150 Years Of Immigration In America, Visualized

An interactive map shows how waves of diasporas from all over the world arrived in the U.S., from the 1850s to today.

Amid a flurry of anti-immigration rhetoric coming from certain GOP presidential candidates, a new interactive map reminds us just how much of our country’s foundation was built on the backs of foreign-born citizens.


Foreign-Born Population: A Nation of Overlapping Diasporas visualizes America’s history of immigration from the 1850s to 2010. By clicking on a particular area of the country and shifting your cursor along the timeline below, you can see where people were migrating from during a particular period, and how immigration has shifted over time.

See the interactive graphic hereUniversity of Richmond/Digital Scholarship Lab

The visualization is part of a larger project called American Panorama at University of Richmond’s Digital Scholarship Lab. It takes its cues from Charles Paullin’s 1932 tome Atlas of the Historical Geography of the United States, a sweeping collection of over 700 maps that charted everything from European settlement to the spread of railroads. Richmond’s researchers are adding an interactive layer to their own digital atlas, allowing users to take a closer look at moments in this ongoing historical panorama. So far, the project includes maps like The Forced Immigration of Enslaved People, The Overland Trails, and Canals.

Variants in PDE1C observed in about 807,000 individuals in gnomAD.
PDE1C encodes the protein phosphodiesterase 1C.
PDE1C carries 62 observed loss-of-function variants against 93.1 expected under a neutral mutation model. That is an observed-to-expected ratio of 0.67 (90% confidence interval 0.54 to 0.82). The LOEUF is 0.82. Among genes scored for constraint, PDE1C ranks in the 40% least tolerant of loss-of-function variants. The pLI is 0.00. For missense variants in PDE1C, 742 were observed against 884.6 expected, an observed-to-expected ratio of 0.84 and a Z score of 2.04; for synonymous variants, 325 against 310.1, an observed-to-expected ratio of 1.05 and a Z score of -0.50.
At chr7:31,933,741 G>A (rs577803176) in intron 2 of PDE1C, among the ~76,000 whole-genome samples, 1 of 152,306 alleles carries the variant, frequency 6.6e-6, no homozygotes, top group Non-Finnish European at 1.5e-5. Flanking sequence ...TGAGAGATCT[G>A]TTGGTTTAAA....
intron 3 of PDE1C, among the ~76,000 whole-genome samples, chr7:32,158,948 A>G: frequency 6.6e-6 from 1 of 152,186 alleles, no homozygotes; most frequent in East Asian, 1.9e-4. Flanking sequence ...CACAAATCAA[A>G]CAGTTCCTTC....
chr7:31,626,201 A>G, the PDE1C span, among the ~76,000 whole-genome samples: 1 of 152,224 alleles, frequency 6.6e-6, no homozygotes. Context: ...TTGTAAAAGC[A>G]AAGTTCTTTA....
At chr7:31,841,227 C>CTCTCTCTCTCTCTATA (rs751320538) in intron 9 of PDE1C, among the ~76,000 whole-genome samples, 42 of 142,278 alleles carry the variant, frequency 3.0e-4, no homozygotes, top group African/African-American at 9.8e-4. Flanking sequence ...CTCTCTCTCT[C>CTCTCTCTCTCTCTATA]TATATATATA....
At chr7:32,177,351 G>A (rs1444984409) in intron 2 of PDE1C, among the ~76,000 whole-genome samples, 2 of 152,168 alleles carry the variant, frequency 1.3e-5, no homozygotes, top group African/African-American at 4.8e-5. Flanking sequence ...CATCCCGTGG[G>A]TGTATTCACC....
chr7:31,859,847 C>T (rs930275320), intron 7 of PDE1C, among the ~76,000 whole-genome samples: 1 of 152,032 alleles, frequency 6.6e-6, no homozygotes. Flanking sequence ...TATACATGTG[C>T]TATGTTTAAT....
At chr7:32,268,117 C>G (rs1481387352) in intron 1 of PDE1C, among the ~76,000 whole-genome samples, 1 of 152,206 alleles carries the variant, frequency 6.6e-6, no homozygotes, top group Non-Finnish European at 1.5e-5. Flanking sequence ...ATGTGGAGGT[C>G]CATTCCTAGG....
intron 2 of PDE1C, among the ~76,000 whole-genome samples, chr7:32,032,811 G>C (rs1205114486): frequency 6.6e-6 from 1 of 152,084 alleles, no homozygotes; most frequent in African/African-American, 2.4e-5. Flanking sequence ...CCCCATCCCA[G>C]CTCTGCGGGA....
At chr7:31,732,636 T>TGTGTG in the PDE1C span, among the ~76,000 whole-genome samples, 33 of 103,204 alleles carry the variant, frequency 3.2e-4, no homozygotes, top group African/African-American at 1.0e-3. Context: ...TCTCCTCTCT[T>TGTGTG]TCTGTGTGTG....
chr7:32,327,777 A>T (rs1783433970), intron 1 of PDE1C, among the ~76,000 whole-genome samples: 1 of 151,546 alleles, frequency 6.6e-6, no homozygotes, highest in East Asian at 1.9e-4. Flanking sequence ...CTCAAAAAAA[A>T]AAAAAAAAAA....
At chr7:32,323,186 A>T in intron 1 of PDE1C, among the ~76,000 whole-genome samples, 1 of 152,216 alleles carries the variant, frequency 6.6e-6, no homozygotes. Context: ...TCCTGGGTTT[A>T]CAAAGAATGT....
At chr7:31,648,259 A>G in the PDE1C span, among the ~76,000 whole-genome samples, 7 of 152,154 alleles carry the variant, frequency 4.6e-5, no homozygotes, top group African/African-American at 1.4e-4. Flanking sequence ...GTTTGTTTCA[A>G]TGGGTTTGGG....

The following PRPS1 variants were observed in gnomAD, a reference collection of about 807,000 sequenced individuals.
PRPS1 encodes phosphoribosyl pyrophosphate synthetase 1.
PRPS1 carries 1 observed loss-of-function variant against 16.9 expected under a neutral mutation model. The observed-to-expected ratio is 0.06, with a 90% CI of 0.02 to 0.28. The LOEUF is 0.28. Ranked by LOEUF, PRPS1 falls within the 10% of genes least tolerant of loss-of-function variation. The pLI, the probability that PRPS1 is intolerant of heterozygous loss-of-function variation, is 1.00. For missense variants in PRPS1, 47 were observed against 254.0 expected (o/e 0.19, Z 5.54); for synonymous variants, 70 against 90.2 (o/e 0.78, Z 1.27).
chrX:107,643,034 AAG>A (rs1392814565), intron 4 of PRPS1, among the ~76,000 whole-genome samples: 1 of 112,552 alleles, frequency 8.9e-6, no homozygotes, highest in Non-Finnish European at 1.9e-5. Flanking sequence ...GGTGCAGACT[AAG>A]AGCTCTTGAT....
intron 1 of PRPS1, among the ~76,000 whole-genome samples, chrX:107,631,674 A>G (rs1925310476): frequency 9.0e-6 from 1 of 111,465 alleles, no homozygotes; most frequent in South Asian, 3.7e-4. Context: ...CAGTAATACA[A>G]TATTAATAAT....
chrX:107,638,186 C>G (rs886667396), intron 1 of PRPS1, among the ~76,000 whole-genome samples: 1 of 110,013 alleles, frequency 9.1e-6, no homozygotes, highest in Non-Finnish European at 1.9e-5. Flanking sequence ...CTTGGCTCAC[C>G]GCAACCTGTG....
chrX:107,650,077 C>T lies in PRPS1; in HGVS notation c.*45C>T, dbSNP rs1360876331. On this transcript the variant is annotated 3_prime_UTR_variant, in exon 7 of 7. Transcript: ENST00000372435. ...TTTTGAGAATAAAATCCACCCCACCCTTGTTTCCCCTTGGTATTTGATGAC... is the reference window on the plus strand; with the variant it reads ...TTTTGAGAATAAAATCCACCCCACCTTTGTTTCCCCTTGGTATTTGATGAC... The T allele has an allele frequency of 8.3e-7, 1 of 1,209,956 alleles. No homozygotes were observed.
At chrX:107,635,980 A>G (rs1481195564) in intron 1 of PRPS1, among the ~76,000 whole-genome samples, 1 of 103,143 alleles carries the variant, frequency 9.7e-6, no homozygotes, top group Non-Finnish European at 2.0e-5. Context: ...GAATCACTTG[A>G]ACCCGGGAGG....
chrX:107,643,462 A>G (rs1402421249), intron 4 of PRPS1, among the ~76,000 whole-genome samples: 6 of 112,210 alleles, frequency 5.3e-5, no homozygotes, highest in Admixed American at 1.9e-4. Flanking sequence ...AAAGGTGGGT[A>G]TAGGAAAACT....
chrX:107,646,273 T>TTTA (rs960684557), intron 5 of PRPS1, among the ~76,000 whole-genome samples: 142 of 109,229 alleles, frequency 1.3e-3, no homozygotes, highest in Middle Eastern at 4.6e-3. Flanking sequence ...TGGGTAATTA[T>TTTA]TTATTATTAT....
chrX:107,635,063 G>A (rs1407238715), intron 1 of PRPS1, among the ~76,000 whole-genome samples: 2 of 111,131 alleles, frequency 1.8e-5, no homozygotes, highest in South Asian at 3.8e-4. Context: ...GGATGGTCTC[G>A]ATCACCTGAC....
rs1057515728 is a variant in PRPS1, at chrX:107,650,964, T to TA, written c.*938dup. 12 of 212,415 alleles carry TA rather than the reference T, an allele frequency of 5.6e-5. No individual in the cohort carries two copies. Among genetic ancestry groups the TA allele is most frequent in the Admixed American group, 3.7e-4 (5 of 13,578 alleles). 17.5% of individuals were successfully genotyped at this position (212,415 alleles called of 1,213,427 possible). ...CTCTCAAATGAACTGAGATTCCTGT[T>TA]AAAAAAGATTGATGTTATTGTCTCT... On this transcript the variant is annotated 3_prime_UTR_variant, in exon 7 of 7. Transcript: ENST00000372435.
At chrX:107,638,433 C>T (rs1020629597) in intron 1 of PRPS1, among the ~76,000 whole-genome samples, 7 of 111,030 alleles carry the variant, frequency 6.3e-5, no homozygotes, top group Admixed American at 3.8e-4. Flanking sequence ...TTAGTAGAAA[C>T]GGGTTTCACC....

Unlike other interactive maps that simply animate data or offer hover-over statistical revelations, these maps allows you to dig deep into the immigration history of a specific area. Take Bedford, Virginia, for example, the part of the state that my ancestors migrated to in the 1800s. In the 1880s, my German ancestors would have been in good company; according to the map, 1,961,597 people migrated from Germany during that decade, the largest population coming in from any foreign country. In the 1920s, most immigrants came from England, while today the majority of foreign-born citizens are Canadian.

Looking at the country as a whole reveals immigration trends that reflect the political climate of the decade. In the 1910s, for example, tens of thousands of persecuted Jews fleeing from persecution in Russia and Eastern Europe settled in the U.S. In the 1920s, when Congress instituted a national origins quota system designed to curtail immigration from Asia and Eastern Europe, immigration levels dropped, and stayed low through the Great Depression.

To explore the foreign-born map yourself, and check out Digital Scholarship Lab’s other atlas visualizations, go here.

Cover Photo: Flickr user David Fulmer


About the author

Meg Miller is an associate editor at Co.Design covering art, technology, and design.